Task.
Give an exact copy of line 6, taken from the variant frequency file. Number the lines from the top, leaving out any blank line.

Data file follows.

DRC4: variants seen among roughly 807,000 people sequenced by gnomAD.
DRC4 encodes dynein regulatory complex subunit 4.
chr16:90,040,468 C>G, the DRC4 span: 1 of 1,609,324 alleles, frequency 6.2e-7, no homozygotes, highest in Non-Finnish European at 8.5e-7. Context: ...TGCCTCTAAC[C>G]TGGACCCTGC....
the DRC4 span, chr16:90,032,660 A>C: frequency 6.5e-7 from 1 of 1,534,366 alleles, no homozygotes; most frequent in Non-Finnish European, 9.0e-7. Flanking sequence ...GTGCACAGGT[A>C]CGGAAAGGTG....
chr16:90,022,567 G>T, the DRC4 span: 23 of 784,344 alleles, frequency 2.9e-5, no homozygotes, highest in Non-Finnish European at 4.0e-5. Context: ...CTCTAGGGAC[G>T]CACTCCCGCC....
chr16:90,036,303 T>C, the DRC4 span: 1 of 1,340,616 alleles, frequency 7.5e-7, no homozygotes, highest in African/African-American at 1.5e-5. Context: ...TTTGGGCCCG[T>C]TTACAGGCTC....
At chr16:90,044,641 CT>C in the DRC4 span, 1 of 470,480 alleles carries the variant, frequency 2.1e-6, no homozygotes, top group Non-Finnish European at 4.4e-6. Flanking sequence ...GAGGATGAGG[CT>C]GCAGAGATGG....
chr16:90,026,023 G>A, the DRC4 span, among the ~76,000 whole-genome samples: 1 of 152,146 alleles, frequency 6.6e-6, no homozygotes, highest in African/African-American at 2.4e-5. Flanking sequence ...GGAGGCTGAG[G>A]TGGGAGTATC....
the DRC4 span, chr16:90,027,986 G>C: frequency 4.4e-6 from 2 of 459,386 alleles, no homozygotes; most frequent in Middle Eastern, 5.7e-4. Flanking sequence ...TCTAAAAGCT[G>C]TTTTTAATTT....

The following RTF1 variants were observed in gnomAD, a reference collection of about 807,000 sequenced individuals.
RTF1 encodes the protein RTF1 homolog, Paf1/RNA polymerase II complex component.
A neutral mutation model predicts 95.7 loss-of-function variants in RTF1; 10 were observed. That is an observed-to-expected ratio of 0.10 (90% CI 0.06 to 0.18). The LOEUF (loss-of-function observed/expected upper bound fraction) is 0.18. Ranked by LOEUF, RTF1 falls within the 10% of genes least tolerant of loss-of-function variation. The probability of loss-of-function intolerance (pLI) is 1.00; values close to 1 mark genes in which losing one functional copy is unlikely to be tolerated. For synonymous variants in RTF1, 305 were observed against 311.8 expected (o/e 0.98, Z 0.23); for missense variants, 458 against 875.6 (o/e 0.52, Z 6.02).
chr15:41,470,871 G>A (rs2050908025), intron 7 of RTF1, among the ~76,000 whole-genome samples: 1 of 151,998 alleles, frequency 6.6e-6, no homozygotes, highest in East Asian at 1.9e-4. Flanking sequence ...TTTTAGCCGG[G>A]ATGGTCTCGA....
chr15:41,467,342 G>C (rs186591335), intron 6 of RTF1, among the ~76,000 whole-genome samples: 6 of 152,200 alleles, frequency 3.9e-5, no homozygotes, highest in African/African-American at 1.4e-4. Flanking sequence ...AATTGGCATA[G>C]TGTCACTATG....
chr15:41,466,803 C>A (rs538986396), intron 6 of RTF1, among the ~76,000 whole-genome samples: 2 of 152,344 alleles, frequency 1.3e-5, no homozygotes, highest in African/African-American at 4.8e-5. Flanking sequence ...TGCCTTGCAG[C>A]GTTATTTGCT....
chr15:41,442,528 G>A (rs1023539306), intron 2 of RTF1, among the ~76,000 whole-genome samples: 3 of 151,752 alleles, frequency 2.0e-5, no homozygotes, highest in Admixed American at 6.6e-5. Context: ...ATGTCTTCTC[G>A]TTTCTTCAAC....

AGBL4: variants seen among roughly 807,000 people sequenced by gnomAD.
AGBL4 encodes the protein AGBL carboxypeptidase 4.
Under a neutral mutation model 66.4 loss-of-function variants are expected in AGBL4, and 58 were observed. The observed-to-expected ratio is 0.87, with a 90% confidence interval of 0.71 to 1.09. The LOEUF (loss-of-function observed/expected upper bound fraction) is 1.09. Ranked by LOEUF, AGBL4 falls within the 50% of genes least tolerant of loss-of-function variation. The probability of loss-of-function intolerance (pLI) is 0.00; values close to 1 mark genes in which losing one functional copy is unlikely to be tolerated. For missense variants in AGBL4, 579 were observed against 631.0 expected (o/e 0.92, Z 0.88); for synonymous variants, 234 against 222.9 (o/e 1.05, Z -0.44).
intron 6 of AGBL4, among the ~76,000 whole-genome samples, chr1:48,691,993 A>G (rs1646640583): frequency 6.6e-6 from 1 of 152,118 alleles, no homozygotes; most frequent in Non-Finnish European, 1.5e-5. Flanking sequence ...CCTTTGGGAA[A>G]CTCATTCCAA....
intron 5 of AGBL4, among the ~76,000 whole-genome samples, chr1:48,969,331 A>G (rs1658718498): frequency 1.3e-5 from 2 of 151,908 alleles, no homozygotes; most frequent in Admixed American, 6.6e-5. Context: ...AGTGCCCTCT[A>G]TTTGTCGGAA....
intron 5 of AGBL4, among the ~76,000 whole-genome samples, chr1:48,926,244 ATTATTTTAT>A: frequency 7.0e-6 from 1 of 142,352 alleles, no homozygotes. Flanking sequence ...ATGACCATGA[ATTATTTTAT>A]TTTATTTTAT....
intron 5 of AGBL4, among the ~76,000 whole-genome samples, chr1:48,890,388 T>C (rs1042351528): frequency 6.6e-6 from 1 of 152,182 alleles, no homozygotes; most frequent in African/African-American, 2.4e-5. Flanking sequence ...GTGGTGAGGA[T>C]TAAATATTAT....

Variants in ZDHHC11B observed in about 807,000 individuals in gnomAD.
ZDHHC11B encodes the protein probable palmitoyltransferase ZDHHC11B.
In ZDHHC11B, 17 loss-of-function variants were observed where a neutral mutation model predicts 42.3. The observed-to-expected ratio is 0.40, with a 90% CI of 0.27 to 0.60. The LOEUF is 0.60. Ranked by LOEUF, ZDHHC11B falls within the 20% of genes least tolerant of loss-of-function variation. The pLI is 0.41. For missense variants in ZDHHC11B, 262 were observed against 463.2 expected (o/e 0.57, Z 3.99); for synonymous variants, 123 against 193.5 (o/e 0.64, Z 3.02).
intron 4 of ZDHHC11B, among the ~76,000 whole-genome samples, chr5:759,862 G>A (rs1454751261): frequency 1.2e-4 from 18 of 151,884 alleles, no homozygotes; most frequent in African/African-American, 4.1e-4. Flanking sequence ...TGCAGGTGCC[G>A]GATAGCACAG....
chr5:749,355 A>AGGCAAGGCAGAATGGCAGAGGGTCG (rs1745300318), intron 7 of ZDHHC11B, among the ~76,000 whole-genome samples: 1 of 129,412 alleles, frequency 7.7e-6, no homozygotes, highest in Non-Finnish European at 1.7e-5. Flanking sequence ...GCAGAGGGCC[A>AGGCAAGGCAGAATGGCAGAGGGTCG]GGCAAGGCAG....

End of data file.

chr16:90,036,303 T>C, the DRC4 span: 1 of 1,340,616 alleles, frequency 7.5e-7, no homozygotes, highest in African/African-American at 1.5e-5. Context: ...TTTGGGCCCG[T>C]TTACAGGCTC....